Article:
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Ginseng Growing in the Woods in New Hampshire | Print |  E-mail

Tom Woods

The more I've studied and cared for American ginseng, the more enthralled and mystified I have become by this small, in obtrusive, slow growing, imperiled, sensitive woodland plant.  According to the NH Department of Agriculture, there are only 17 confirmed sites in the state where ginseng grows wild. At each, there are fewer than 80 plants.

I have never seen ginseng growing wild in NH. I have seen it in Vermont. There, the soil is deeper and sweeter than it is here. I suspect that enhances ginseng's ability to survive. Despite it's rarity in NH, the the photos here suggest that the state does have favorable habitat where ginseng can thrive.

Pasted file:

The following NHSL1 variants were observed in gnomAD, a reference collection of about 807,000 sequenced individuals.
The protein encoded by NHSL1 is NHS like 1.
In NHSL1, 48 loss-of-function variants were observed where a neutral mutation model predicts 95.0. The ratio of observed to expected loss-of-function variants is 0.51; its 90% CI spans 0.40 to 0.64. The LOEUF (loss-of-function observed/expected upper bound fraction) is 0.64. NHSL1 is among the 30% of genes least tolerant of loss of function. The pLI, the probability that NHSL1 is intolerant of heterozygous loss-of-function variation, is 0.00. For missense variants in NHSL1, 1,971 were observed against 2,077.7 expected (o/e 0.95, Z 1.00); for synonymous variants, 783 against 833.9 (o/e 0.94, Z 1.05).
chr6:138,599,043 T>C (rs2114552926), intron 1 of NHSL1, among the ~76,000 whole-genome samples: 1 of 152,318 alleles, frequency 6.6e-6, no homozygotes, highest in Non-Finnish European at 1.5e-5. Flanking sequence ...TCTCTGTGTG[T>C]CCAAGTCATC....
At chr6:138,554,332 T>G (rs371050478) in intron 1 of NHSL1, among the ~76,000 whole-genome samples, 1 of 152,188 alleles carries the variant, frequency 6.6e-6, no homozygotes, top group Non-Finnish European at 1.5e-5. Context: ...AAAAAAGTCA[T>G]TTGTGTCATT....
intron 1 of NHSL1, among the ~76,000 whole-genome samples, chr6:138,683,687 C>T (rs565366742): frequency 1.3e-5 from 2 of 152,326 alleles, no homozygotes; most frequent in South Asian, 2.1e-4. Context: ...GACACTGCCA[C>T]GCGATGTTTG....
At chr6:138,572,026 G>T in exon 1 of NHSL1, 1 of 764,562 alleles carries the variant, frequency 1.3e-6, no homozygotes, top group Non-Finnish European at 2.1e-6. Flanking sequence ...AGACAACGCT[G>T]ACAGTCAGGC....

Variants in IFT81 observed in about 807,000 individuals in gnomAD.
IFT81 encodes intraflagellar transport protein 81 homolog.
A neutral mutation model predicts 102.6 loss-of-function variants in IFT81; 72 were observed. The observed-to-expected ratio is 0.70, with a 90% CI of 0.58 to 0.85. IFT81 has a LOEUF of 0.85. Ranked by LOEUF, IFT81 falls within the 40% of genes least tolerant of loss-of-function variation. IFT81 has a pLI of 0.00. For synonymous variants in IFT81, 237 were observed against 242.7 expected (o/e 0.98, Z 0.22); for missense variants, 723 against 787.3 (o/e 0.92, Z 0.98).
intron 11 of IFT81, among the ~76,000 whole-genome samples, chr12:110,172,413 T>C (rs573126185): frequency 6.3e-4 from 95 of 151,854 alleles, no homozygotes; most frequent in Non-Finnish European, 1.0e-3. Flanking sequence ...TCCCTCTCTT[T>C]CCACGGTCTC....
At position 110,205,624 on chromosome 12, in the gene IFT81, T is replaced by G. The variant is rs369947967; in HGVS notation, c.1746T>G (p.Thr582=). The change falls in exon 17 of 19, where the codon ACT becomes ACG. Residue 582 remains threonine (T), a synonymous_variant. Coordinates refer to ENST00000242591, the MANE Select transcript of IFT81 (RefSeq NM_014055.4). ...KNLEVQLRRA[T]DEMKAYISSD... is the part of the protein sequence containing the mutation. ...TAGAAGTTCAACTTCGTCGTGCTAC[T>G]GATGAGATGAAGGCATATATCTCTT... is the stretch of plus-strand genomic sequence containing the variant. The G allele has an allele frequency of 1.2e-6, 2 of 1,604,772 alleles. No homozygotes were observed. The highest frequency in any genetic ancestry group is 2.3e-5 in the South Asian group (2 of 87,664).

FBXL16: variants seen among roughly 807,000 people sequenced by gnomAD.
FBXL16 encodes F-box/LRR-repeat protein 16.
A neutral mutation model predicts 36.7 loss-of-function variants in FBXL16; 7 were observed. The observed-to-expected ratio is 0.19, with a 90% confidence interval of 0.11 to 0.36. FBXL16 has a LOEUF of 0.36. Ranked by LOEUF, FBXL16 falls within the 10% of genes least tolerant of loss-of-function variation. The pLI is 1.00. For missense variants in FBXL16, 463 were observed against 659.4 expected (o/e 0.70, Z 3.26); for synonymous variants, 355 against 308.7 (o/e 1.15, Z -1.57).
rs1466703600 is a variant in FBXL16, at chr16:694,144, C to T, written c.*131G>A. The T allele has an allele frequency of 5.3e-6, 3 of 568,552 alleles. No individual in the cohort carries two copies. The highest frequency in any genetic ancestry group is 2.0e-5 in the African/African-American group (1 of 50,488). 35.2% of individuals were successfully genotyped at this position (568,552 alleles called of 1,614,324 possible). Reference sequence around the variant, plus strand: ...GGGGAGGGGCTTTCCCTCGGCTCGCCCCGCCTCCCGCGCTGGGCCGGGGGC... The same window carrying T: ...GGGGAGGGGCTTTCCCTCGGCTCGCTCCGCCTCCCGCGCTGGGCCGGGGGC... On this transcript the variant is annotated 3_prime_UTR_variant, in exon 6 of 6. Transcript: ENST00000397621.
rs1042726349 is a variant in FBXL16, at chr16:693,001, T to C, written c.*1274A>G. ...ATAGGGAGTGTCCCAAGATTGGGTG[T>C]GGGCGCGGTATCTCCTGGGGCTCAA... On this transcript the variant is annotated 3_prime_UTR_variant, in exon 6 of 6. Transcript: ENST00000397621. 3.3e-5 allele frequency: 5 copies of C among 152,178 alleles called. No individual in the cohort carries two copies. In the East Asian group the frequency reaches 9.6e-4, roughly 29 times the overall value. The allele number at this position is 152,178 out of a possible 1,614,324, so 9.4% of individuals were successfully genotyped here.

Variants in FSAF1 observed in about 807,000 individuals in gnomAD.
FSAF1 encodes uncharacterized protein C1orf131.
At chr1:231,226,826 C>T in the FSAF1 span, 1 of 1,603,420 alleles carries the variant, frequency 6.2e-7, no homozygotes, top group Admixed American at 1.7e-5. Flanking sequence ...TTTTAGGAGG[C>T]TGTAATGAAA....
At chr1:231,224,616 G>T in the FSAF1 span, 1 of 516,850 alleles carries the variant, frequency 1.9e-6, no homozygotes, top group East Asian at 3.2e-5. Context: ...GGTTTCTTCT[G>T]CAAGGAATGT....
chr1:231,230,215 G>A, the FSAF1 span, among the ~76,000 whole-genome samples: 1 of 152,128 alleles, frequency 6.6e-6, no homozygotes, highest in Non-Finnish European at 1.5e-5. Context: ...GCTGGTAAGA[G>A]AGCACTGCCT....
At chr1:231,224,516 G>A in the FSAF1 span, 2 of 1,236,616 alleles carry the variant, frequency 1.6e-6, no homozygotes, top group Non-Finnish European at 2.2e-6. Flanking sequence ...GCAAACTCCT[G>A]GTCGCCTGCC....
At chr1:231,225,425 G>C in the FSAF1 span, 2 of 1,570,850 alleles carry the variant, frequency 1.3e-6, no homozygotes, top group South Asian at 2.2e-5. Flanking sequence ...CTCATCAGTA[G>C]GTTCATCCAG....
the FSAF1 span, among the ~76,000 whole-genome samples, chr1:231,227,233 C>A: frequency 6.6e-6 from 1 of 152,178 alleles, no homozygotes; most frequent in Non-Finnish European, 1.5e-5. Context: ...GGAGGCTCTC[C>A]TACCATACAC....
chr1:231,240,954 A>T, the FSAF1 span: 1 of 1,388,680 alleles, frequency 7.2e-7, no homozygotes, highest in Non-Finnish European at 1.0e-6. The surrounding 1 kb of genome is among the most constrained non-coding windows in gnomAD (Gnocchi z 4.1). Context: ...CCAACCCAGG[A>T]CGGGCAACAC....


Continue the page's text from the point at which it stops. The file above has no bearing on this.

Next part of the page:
A mature plant is evidenced by at least three prongs, a large flower head that rises up above the leaves, and a stem with a length of more than 12 inches from the ground to the base of the prong.

The flowers will develop into berries that hold 2 or three seeds each. They turn red when ripe, usually in September.

 
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